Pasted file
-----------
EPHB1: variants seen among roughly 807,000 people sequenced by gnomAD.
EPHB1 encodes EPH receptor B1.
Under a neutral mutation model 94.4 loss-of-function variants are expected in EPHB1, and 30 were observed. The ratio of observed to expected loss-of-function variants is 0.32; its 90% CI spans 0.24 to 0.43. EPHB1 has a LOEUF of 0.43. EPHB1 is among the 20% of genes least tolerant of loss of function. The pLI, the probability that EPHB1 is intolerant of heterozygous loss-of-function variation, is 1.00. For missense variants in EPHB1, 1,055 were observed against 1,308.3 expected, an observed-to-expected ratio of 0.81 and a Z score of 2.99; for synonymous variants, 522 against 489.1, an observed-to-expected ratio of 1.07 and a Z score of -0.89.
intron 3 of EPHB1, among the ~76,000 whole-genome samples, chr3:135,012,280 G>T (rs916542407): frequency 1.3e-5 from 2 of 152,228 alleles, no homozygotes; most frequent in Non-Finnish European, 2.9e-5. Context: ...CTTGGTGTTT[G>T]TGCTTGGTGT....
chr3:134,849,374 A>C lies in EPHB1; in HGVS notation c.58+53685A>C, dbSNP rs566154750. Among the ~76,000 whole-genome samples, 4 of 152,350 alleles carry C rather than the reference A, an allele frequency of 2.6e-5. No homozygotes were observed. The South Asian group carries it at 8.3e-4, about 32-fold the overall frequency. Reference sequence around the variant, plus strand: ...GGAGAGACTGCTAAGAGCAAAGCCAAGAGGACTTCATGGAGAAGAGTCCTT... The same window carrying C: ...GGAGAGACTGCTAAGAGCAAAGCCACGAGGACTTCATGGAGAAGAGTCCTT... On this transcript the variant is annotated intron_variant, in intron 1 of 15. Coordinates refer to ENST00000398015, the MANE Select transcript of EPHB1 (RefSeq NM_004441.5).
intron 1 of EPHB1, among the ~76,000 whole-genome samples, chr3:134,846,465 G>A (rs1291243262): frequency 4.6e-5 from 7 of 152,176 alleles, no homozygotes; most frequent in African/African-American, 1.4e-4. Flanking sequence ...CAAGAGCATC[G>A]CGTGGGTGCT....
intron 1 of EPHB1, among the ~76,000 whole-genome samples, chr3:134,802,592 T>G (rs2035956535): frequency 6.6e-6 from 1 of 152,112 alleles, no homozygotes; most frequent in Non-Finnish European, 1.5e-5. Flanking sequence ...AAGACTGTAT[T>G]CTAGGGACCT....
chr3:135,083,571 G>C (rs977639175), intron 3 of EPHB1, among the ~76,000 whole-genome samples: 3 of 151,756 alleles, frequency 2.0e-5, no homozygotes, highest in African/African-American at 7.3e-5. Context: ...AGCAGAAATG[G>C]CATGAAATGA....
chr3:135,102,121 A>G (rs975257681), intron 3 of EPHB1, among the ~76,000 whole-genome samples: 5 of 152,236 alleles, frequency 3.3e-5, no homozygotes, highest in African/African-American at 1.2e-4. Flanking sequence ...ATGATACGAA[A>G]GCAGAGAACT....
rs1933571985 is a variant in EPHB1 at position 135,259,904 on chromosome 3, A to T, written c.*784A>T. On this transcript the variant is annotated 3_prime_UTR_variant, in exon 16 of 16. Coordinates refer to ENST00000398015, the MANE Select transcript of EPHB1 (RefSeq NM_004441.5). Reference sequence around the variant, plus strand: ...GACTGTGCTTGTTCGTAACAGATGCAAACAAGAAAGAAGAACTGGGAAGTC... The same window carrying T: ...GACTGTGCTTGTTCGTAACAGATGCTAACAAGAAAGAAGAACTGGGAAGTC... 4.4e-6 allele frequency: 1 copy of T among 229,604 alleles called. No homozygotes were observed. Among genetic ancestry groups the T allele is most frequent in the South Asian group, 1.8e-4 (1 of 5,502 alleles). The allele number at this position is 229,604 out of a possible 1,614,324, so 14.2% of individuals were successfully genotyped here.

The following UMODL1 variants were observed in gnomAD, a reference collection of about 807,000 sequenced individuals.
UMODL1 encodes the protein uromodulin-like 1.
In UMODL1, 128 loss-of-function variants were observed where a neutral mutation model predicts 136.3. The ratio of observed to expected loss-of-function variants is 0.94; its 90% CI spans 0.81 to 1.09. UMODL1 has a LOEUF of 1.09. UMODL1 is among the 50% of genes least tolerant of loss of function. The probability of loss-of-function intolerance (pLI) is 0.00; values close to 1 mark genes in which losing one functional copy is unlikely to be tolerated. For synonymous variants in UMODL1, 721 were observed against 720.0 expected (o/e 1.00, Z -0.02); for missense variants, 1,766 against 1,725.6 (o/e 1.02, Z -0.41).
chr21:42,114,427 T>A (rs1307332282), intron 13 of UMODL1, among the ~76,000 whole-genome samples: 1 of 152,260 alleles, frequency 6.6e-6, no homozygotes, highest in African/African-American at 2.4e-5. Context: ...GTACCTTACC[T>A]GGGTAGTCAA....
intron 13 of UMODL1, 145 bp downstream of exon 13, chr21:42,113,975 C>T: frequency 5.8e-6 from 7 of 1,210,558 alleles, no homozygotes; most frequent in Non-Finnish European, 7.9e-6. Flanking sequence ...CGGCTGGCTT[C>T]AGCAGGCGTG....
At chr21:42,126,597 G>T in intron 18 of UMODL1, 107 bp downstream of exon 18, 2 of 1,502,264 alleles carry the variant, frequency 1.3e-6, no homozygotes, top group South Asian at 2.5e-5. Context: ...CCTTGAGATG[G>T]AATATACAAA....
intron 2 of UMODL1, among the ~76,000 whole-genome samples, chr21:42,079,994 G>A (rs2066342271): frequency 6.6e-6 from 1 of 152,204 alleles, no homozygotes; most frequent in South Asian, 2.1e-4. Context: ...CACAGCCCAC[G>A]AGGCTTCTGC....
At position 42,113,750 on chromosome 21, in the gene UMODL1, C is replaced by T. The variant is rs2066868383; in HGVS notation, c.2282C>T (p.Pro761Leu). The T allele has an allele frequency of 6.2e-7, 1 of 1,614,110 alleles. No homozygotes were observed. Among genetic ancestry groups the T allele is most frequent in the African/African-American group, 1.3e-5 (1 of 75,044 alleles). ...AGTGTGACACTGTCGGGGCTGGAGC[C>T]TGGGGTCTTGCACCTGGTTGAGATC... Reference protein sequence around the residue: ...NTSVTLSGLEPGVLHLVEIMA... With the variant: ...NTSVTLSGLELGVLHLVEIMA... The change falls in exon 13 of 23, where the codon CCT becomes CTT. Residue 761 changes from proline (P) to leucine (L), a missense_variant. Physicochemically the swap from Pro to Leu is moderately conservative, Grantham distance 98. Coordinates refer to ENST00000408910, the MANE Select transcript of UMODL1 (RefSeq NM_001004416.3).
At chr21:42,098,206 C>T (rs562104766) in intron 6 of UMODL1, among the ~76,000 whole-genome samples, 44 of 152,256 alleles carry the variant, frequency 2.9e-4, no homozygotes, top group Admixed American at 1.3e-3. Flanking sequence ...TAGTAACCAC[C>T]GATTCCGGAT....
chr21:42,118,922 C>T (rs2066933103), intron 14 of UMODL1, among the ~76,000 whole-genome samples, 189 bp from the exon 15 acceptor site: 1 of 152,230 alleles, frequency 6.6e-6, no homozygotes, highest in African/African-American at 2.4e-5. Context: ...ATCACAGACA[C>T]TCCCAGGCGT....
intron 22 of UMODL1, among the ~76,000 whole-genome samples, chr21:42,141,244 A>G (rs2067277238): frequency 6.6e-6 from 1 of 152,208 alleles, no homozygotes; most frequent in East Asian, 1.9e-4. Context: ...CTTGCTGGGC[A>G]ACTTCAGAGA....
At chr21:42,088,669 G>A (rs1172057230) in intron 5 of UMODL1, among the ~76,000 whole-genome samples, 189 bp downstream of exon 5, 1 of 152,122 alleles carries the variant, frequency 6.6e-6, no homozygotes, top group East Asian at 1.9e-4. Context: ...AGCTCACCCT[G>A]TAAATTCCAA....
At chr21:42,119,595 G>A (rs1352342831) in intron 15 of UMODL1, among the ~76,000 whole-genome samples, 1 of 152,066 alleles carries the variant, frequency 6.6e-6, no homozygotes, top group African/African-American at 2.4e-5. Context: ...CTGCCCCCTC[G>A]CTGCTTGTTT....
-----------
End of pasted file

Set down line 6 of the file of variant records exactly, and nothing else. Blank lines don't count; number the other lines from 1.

intron 1 of EPHB1, among the ~76,000 whole-genome samples, chr3:134,846,465 G>A (rs1291243262): frequency 4.6e-5 from 7 of 152,176 alleles, no homozygotes; most frequent in African/African-American, 1.4e-4. Flanking sequence ...CAAGAGCATC[G>A]CGTGGGTGCT....